Hi – my name is Becky Emms and I am a Graduate Archaeologist for a large engineering consultancy (if I told you who, I’d have to kill you). This Day of Archaeology is actually slightly different from the norm for a couple of reasons. A) being that I came into the office later than normal today due to being at an Oxford University Department of Continuing Education course on aerial photography yesterday and not getting home til about 10pm (train chaos outside of Sheffield to be blamed for this). B) being that I am currently in the midst of spending five weeks out on site helping with the finds processing on a large archaeological excavation. So instead I will be guiding you through what a “normal” day at the office would entail for me.
I’m normally in the office for about 8.20 and the first thing I do is have a quick check through any emails that have come through since leaving the previous evening. Working for an engineering consultancy a lot of these are notifications about projects I’m not actually involved with or various emails about systems being shut down overnight. There are, however, usually a few emails relating to projects I’m currently working on or emails confirming the start of a project.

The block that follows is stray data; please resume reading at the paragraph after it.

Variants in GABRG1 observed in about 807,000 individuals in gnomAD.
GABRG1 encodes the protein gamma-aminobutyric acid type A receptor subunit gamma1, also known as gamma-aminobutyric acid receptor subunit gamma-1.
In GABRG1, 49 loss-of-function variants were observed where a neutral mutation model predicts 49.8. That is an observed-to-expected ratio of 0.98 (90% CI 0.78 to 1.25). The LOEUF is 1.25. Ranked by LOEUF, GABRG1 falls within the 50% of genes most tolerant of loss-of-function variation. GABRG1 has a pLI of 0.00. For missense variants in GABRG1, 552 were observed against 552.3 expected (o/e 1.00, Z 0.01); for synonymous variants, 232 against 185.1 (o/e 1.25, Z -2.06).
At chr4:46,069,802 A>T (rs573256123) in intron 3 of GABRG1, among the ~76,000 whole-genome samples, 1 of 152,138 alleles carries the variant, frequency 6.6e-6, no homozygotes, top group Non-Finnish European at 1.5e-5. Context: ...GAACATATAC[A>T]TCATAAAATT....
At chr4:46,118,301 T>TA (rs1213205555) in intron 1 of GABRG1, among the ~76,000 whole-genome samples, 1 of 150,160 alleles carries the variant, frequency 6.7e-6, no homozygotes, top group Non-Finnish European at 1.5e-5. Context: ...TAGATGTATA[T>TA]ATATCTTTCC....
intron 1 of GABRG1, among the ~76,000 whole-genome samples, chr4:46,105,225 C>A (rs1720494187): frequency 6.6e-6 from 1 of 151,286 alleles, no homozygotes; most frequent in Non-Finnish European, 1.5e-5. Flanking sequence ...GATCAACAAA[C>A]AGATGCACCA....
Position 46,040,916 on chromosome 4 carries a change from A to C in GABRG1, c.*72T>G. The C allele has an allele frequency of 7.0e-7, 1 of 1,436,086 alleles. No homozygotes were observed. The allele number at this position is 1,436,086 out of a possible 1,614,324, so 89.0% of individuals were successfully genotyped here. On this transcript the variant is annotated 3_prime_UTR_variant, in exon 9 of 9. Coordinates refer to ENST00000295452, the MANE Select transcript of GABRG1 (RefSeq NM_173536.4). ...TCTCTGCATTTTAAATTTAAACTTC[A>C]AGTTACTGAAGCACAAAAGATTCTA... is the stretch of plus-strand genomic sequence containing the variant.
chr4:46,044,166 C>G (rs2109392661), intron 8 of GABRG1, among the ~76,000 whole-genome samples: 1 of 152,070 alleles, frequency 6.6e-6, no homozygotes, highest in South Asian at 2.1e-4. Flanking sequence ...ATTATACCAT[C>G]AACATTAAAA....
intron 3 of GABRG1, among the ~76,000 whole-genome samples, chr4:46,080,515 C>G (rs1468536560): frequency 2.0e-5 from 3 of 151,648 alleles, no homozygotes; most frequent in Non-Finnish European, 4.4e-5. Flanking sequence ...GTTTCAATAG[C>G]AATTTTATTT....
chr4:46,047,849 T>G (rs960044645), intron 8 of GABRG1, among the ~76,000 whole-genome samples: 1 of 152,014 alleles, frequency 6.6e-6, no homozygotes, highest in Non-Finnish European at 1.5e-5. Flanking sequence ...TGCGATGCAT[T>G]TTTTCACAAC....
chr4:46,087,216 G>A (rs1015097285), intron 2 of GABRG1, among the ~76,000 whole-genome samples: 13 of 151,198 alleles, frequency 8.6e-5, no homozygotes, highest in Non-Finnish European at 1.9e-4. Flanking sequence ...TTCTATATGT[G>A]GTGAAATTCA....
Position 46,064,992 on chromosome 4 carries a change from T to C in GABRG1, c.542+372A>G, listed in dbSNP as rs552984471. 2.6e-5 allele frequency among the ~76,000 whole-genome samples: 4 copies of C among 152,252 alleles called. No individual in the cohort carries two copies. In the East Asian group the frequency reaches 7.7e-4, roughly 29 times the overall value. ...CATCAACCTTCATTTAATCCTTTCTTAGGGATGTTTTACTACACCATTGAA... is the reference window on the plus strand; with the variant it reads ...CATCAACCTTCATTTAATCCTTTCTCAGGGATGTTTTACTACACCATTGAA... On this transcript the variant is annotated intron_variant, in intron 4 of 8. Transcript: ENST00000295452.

Once I’ve checked my emails the first thing I usually do is send off requests for data searches to the relevant HERs and EHAS (formally the NMR) requesting data for any projects have started off. I usually request a priority search from English Heritage which means I’m safe in the knowledge that they will have sent the data back by about lunchtime.
This only takes me about half hour so the rest of my morning is spent working on reports that I’ve had the data for, researching sites using some of the books we hold in the office (involving place names and Roman roads) and examining any online sources in order to start filling out a baseline for either a DBA or EIA chapter.
This will usually take my up to lunchtime, that and coffee accompanied by cake (the office has apparently gone baking mad recently), so I shall be back later to tell you about what an afternoon sometimes entails.
Till then, Becky